I was waiting in line at the grocery store last night, buying myself a frozen pizza after work. It was BBQ chicken, which turned out to be one of the best ideas for a pizza ever. Pizza has always felt like one of those foods that could effortlessly assimilate any other food into it. That’s something that I really admire in foods. The other great culinary assimilator is the sandwich, which is basically what you call it when you stick other foods between two slices of bread.
Standing behind me in line were two scruffy looking men. They had that unshaved look to them, with shirts that mismatched their pants. If I had seen them on the street, I might have guessed that they were homeless, though since they were in the store and buying things I suppose they must just have been that sort of person. I’ve been wondering a lot lately why people stay in uncomfortable or unpleasant situations, and what I’ve come up with is this; there’s never a good cutting off point. Things creep up on you. So the guys standing behind me probably didn’t start out as people with limited social skill and personal grooming – it just happened little by little, until they were walking around with a stained shirts and bloodshot eyes, thinking that this is how life had always been.
One of them was the dominant one, because he kept talking. This is something people do to feel less lonely. It’s also something that I’ve picked up on when telemarketing. Old people especially, as all the people they used to know have moved out of their lives and left them alone. It’s a sad truth that a disproportionate number of the sales we get are old people who just need someone to talk to. That’s yet another reason for me to get out of telemarketing.
The talkative scruffy guy was talking loudly, like he wanted as many people to hear him as possible. That’s a symptom of lonely people who have lost their social skills.
“How can they charge two bucks for that little can of Red Bull? What’s in there that makes that so expensive? Do they put gold in it?” He picks up a bottle of Pepsi Free. “You know this stuff doesn’t have any caffeine or sugar? What are you paying for?” And of course, I felt obligated to respond.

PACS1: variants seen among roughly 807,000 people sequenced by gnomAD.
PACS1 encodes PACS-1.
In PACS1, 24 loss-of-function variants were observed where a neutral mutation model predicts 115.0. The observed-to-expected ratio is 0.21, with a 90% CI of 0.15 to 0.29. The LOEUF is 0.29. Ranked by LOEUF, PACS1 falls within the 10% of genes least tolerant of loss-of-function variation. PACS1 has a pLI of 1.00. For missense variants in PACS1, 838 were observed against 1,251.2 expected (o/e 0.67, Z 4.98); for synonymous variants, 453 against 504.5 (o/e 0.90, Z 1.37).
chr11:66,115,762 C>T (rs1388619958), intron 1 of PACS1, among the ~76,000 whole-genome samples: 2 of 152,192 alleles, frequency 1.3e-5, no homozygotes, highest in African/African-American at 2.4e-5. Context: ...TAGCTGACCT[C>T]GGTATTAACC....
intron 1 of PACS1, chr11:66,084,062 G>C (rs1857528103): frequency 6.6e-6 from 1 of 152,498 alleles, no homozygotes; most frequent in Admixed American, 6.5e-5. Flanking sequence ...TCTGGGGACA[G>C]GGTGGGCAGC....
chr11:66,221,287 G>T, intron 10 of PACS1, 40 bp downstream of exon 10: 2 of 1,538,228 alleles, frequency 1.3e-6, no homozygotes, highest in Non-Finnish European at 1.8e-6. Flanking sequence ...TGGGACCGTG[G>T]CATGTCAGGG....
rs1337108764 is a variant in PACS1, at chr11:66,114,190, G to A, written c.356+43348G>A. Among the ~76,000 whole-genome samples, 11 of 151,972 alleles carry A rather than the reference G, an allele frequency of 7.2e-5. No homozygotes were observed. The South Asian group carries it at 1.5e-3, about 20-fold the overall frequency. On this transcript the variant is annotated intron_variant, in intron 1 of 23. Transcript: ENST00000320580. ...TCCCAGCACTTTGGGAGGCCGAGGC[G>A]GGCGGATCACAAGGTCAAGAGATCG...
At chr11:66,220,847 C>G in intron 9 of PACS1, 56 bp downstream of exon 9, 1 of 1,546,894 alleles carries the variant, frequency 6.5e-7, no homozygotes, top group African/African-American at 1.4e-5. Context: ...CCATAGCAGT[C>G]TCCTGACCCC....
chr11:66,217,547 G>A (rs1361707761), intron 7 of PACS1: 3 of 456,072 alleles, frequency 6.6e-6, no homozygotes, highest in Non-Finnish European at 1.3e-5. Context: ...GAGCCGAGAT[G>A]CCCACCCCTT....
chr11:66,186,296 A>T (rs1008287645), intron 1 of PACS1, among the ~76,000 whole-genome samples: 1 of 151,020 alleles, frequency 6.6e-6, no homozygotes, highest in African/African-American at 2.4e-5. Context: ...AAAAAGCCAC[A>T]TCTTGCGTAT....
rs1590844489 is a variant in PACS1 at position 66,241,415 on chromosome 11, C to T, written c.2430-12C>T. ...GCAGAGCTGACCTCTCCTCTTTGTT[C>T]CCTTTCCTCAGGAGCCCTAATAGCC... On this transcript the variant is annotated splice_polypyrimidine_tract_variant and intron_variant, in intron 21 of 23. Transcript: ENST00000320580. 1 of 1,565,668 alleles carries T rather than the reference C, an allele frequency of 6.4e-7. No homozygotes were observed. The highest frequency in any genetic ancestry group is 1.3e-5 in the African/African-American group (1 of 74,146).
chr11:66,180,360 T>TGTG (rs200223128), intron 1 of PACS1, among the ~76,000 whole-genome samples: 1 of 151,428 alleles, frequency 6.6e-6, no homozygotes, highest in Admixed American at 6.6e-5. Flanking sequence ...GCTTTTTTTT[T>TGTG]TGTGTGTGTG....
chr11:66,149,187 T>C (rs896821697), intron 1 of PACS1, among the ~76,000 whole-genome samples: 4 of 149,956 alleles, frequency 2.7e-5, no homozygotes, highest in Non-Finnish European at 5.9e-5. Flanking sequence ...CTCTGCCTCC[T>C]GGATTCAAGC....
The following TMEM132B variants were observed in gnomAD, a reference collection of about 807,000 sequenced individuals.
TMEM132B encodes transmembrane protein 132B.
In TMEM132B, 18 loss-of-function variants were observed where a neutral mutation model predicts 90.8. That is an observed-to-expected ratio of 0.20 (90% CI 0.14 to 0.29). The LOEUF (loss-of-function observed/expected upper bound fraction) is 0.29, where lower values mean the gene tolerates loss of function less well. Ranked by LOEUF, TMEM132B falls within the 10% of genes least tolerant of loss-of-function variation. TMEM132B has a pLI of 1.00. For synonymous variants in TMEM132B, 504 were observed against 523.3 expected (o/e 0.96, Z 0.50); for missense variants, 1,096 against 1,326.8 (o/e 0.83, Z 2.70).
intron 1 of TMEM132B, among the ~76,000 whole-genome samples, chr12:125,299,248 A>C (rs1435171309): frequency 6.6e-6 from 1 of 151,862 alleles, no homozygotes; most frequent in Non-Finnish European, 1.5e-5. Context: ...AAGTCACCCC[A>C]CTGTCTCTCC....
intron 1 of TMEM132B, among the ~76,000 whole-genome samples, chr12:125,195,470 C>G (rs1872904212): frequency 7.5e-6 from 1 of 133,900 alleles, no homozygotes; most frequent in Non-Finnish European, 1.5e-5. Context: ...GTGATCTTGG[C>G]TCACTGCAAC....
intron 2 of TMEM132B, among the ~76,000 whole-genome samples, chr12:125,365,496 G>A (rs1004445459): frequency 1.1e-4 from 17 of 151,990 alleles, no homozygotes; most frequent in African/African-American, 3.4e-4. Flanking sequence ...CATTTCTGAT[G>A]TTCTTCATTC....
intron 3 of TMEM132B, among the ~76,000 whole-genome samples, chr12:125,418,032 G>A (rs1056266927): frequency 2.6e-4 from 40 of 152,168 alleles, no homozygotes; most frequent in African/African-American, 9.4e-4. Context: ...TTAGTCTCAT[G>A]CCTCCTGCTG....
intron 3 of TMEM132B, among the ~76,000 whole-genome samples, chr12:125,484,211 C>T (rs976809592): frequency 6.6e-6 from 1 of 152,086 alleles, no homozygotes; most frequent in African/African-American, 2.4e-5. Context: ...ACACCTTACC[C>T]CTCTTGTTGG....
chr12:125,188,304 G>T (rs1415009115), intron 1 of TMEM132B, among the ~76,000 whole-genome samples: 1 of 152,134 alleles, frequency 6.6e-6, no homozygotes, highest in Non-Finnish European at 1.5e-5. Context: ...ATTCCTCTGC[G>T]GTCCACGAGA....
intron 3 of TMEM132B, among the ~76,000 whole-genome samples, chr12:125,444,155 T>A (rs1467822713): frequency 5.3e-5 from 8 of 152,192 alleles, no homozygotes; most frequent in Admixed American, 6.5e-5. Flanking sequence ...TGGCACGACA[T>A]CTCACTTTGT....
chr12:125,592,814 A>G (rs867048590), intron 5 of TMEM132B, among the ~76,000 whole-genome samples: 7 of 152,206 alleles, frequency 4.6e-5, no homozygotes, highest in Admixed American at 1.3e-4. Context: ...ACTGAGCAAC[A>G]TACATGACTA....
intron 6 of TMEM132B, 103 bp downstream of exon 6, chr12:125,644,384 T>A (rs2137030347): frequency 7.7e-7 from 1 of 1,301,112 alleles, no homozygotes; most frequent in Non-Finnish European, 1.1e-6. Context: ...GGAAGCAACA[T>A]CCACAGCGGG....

“The cheapest part of the product is the syrup and carbonated water, followed by the packaging. Ingredients are maybe three cents per bottle, packaging is about ten cents.* The rest of the cost comes from transportation, marketing, profit for the manufacturer, and profit for the seller. Profit isn’t that big for any mass market good, because it doesn’t have to be, and because they’re competing with other large companies that can increase their overall profit by lowering their individual profit per item. But you also have to keep in mind that a lot of that “profit” is from a business sense indistinguishable from “recouping investments”. If Pepsi buys a new plant they have to sell a lot of bottles before they’re in the black again. From cost standpoint through, the biggest cost associated with soft drinks is the marketing. And from a consumer standpoint, that’s what actually matters – it’s the reason that people tend not to buy off-brand products; the name sells. So when you drink a Pepsi, what you’re paying for is the brand, not so much the contents, and that’s one of the reasons this is called the information age; the information about the brand is more important than the physical product itself.” Imagine me saying that really fast.
He just stared, and I bought my things and left.
*That’s roughly correct, but not by any means exact.